I’m not on any tackle company’s pro team or advisory staff or any other such position. Nobody pays me to say I like their tackle. The following information is based only on my experience with the tackle, and what you have paid for my advice is probably what it’s worth!
The fishing gear options available to the modern angler are overwhelming!
One cannot possibly be aware of all the offerings of tackle manufacturers, let alone know which is the best choice. If five anglers were asked to name their favorite reel, those five anglers would likely name 15 different reels.
My tackle choices below are not based on any vast knowledge of tackle. Some items I bought on a whim, some I bought because I didn’t like what I had and researched the market a bit to find something better. For whatever reasons, here are a few of my tackle choices:
The conventional baitcaster reels are best suited for my Delta fishing. They cast well, have plenty of room for lots of line and they usually have good drag (brake) systems to handle larger fish. Here are some of my choices:
December, 2012: Shimano’s Calcutta 700 has become my reel of choice lately. I like the lever drags, below, but this tough, durable star drag ticks off the usual few inches of line during a sturgeon bite so lightly, and with such a loud clicker, that I have been using this reel which I have had for about 15 years. It has a strong drag of almost 17 lbs. It holds well over 300 yards of my favored 50 to 65 Lb. braid. In fact, I have just ordered another like this one. I had to buy it used on ebay as the new models have a lever to move to free spool. I prefer the original which requires simply turning the crank to change from free spool to drag. These fine reels run about $300 new.
Shimano’s Charter Special lever drag, level wind reels are great for sturgeon fishing. I have a 1000 and the somewhat larger 2000. The 2000 has a bit more drag to the clicker, and I prefer the 1000 which lets line reel off more easily during a sturgeon bite.
Penn’s International 965 baitcaster reel is a high quality, mid size reel that is excellent for Delta fishing. My 965 is solid, smooth and up to the task of reeling in any sturgeon. My only complaint is that it tends to lock down with the slightest touch, making it necessary to always double check it when setting it on freespool. This, and the 975LD (below) were my first choice sturgeon reels ’til I had one too many level wind failures.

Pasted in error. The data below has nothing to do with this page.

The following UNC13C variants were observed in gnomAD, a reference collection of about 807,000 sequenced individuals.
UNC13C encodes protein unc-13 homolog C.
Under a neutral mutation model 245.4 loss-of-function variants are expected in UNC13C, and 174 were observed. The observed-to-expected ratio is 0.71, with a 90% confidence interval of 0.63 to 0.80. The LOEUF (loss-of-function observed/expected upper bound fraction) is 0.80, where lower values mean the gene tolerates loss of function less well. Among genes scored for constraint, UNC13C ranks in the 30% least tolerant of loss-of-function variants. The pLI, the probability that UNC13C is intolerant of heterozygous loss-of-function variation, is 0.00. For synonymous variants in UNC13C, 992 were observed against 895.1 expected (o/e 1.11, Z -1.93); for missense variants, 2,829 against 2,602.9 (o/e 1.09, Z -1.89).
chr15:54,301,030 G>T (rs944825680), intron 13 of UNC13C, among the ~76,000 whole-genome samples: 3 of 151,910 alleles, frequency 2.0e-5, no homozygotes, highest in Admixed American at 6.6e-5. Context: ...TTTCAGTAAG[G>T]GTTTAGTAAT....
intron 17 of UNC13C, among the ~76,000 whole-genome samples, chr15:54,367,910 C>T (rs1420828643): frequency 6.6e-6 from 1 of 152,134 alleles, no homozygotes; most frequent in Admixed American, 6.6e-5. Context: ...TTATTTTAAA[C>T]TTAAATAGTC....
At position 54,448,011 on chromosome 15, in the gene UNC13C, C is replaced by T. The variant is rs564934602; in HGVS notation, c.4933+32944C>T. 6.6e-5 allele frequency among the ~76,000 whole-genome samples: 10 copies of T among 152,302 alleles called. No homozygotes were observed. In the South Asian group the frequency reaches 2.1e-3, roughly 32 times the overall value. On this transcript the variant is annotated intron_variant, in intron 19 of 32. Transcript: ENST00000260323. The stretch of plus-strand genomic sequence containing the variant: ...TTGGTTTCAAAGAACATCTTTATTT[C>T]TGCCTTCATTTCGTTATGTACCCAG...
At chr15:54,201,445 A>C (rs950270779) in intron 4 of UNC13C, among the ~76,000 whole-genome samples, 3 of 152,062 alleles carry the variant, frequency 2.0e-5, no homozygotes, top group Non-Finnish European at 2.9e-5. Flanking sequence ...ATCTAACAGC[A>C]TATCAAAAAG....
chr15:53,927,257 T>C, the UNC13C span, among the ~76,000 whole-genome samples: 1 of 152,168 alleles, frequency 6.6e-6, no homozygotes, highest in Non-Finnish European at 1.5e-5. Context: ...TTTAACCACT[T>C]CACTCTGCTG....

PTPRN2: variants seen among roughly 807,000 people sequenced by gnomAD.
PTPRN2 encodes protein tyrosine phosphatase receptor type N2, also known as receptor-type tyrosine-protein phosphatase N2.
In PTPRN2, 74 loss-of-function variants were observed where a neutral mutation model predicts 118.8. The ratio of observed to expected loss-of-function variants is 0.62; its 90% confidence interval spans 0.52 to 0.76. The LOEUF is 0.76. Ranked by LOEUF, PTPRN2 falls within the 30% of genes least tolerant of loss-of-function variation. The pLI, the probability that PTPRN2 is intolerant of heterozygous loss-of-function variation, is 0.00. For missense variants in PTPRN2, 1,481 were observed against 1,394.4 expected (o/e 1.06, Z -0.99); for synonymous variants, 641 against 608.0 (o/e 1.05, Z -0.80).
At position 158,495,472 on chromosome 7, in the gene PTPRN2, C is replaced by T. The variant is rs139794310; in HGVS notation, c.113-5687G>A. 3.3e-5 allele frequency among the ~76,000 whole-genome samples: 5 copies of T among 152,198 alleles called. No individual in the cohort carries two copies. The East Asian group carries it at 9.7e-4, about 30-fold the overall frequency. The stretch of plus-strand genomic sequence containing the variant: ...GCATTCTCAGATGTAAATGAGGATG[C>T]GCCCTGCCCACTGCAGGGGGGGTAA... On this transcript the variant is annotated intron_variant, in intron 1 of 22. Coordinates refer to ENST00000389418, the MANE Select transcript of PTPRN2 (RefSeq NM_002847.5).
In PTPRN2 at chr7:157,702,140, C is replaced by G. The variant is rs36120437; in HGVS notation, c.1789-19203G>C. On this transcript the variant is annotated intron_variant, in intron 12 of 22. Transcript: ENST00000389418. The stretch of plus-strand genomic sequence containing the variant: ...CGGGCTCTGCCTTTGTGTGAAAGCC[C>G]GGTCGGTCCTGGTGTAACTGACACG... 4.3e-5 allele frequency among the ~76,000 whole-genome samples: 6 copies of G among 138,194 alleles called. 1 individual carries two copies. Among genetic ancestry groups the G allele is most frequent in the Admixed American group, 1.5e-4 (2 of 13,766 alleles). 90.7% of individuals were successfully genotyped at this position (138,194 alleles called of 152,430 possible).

This is the Penn International 975LD reel. It’s a super smooth lever drag baitcaster with level wind. This was my favorite reel for sturgeon fishing until the level wind broke for the third time. It is simply against my principles to send it in for repair again!
Note that there is no “star” wheel to set the drag in the above reels, except the Penn 965. On a lever drag, the drag is set very quickly.
Many lever drag reels do not have the level wind feature which automatically reels the line in equally across the spool; these level wind reels do.
I like a fast tip, or a rod that is very limber at the tip. I think that takes best advantage of the leverage that a rod provides. I use the Ugly Stik Tiger model BWC 2201. It is a seven-foot rod with lots of strength and durability. I have three of them and fish nothing else. I also use them for salmon trolling.
One can spend a lot more money for a “name” rod, but I don’t think you’d buy any more rod.
I user Power Pro 50# test super braid for everything except lake trolling. This overkill approach is likely considered vulgar by some fishermen, but I’m just a River Rat baitslinger, so I don’t know any better. Power Pro 50# is the same thickness as 12# mono line. So, even 20# mono is thicker than my 50# super braid, and therefore 20# has more float and resistance to being cast or trolled. Also, more Power Pro can be spooled onto any given reel, by far, than mono of the same strength. The more line on the reel, the less likely an angler is going to be spooled by a large fish.
Setting the hook on a fish with mono line results in some of the force of the set being lost due to the stretch of the mono. Set the hook with Power Pro, and there is no stretch so the hook will more likely set deep and sure. That’s one reason why I choose super braid line. Imagine bait fishing with shad for stripers and hooking into a 100 lb. sturgeon. This scenario rarely happens, but it is always possible. The easy handling braid will likely see the monster to the boat, 20 or 25 pound mono may not. That’s another reason why I choose super braid.
Here’s where a little extra money is well spent: buy first quality terminal tackle such as a steel ball bearing with the Hawaiian snap swivel.
The snap end squeezes together, opening up just enough to attach the leader. This particular snap is about the toughest type I’ve ever used; it is very, very strong.
In the case of super braid line, the recommended knot is the very simple Palomar knot, which seems to be the only knot I can remember how to tie, anyway:
With this snap swivel holding line to leader, the fisherman can be confident that the line and the leader will not part company while fighting a big fish.
Over the years I have posted many exciting fishing and boating stories here, but now in my seventies, it was time to sell the boat and find less demanding pastimes. All the fishing stories are still here! I will now post my travels aboard the motorhome and other activities. I hope y'all will still enjoy the fishing and boating adventures and perhaps peek in on my post-boating activities on occasion. Thanks for dropping in and I hope you enjoy your visit.